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items tagged with Magnolia

A Map of the World: "Cloud Atlas," "Chasing Mavericks," and "Silent Hill: Revelation"
Written By: Mike Schulz
Section: Movies

Category: Reviews

2012-10-29 12:50:52

Tom Hanks and Halle Berry in Cloud AtlasCLOUD ATLAS

I’ve seen plenty of movies in which a number of excellent passages can’t seem to blend into a satisfying whole. But prior to the release of Cloud Atlas, the film version of David Mitchell’s sprawling 2004 novel, I don’t think I’d ever seen a movie in which so many merely adequate sequences combine to form a whole that’s not only satisfying but downright exhilarating. Directed by Tom Tykwer and siblings Andy and Lana Wachowski and running just shy of three hours, this genre fantasia should be a mess, and it oftentimes is. It’s also, however, a hypnotic, glorious, grandly entertaining mess, one that’s probably far more enjoyable than a more presentationally faithful adaptation would’ve been.


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National Buffoons’ Vacation: “Grown Ups” and “Knight & Day”
Written By: Mike Schulz
Section: Movies

Category: Reviews

2010-06-28 00:20:42

Rob Schneider, Chris Rock, Kevin James, Adam Sandler, and David Spade in Grown UpsGROWN UPS

In basic outline, director Dennis Dugan's Grown Ups is similar to last autumn's Couples Retreat, that witless, odious comedy in which a gaggle of Hollywood stars enjoyed a luxury weekend on a tropical isle and demanded that audiences pick up the tab. (More than $100-million worth of ticket buyers actually did. Staggering.) Beyond their locales, though, the main difference between them is that Couples Retreat starred Vince Vaughn, Jason Bateman, Jon Favreau, Faizon Love, and Malin Akerman, while Dugan's film top-bills Adam Sandler, Kevin James, Chris Rock, David Spade, and the entertainment vacuum known as Rob Schneider. Was this Happy Madison production - written by Sandler and Fred Wolf - going to pull off the borderline-miraculous feat of being the lesser of the two movies?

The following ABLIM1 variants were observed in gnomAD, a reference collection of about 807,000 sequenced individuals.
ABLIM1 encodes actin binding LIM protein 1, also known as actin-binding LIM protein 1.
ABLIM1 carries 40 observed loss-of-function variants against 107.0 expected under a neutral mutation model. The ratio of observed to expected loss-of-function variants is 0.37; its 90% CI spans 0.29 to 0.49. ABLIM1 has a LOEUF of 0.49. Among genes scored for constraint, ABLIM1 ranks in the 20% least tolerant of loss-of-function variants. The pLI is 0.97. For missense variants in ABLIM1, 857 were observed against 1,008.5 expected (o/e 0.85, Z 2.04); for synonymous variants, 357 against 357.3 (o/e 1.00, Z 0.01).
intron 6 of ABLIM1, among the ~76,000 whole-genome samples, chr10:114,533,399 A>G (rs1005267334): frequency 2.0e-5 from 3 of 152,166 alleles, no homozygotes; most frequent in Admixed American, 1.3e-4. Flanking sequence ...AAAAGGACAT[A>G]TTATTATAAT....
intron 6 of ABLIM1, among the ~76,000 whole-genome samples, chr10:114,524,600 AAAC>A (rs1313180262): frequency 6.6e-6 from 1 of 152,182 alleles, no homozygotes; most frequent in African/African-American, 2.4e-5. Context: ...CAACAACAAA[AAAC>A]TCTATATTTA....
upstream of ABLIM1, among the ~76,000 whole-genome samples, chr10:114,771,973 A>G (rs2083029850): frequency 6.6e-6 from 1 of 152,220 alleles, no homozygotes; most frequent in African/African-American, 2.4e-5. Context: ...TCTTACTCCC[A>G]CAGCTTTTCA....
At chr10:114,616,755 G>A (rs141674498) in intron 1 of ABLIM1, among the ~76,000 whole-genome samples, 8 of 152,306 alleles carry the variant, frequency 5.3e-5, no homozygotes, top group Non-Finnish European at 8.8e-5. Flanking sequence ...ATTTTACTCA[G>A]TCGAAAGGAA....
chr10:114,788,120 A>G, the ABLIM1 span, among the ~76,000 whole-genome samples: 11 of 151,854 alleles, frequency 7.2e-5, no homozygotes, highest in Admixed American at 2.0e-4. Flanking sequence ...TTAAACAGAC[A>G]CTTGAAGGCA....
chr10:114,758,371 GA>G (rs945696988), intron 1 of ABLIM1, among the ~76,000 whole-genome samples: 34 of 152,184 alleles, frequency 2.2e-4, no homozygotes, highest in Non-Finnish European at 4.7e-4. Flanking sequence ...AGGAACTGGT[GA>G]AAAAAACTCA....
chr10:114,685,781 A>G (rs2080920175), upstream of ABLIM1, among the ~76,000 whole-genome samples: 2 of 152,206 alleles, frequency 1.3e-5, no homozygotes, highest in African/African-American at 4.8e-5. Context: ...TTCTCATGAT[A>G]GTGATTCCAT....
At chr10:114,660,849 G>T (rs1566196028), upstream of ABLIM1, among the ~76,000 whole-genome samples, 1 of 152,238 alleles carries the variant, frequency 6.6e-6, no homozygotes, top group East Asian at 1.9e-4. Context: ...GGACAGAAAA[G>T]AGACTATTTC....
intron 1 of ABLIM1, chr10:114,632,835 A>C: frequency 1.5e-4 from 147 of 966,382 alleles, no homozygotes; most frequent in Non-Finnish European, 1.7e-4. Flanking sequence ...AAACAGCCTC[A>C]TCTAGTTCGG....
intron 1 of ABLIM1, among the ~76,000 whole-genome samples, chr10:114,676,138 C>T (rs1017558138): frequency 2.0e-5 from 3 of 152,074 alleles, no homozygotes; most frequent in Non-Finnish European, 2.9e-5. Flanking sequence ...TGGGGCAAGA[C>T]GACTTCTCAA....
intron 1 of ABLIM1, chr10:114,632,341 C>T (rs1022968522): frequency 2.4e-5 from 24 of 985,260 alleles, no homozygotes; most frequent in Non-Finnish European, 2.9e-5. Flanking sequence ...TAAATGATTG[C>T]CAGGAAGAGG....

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It’s a Mad, Mad, Mad, Mad World: “Alice in Wonderland” and “Brooklyn’s Finest”
Written By: Mike Schulz
Section: Movies

Category: Reviews

2010-03-07 22:11:07

Johnny Depp in Alice in WonderlandALICE IN WONDERLAND

Beginning with 2001's Planet of the Apes remake, Tim Burton has cast domestic partner Helena Bonham Carter in all six of his most recent feature films, and he's never made better use of her beguiling, somewhat perverse charisma than in his new take on Alice in Wonderland.
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A Lighter Shade of Noir: “The Black Dahlia,” “Gridiron Gang,” “The Last Kiss,” and “The Protector”
Written By: Mike Schulz
Section: Movies

Category: Reviews

2006-09-20 04:34:58

Aaron Eckhart and Josh Hartnett in The Black DahliaTHE BLACK DAHLIA

The opening sequence of Brian De Palma's L.A. noir The Black Dahlia is so busily choreographed that, at first, you think it has to be some sort of put-on. A melee involving a street full of cops and sailors in downtown Los Angeles circa 1946, the balletic, slow-motion punching and flailing is orchestrated within an inch of its life; nothing about it seems real, but it's so dazzlingly executed that you hardly care. But with Josh Hartnett's ersatz tough-guy narration droning away, it quickly becomes clear that the scene isn't meant to be funny. It isn't comedy that De Palma's going after here but stylization, and as The Black Dahlia progresses, it's obvious that the director doesn't have the cast or screenwriter required to give his baroque touches a context. A few nastily enjoyable moments aside, the film is dour, dull, and confusing, enlivened only by a few zesty supporting portrayals and whatever directorial wit De Palma can bring to it.


Read More About A Lighter Shade Of Noir: “The Black Dahlia,” “Gridiron Gang,” “The Last Kiss,” And “The Protector”...


Cruise in for a Bruisin’: "Mission: Impossible III"
Written By: Mike Schulz
Section: Movies

Category: Reviews

2006-05-10 09:00:17

Tom Cruise and Keri Russell in Mission: Impossible IIIMISSION: IMPOSSIBLE III

Call it envy, call it sour grapes, call it schadenfreude, but I’ll admit to hugely enjoying the public meltdown of Tom Cruise, mostly because it’s finally making him interesting. Cruise has always been too bland to be true. He’s moderately proficient, and in several of his films – most recently Collateral and Minority Report – he’s even been impressive. But he has too few resources to draw upon as a performer. It would be hard to accuse Cruise of slouching on the job – he’s determined and earnest, and you can sense him trying to suggest interior life. But his line readings have no surprise and his on-screen performances rarely build; whenever a new scene begins, Cruise appears to have forgotten everything his character experienced in his previous scenes. He can’t seem to play more than one emotion, or one thought, at a time.


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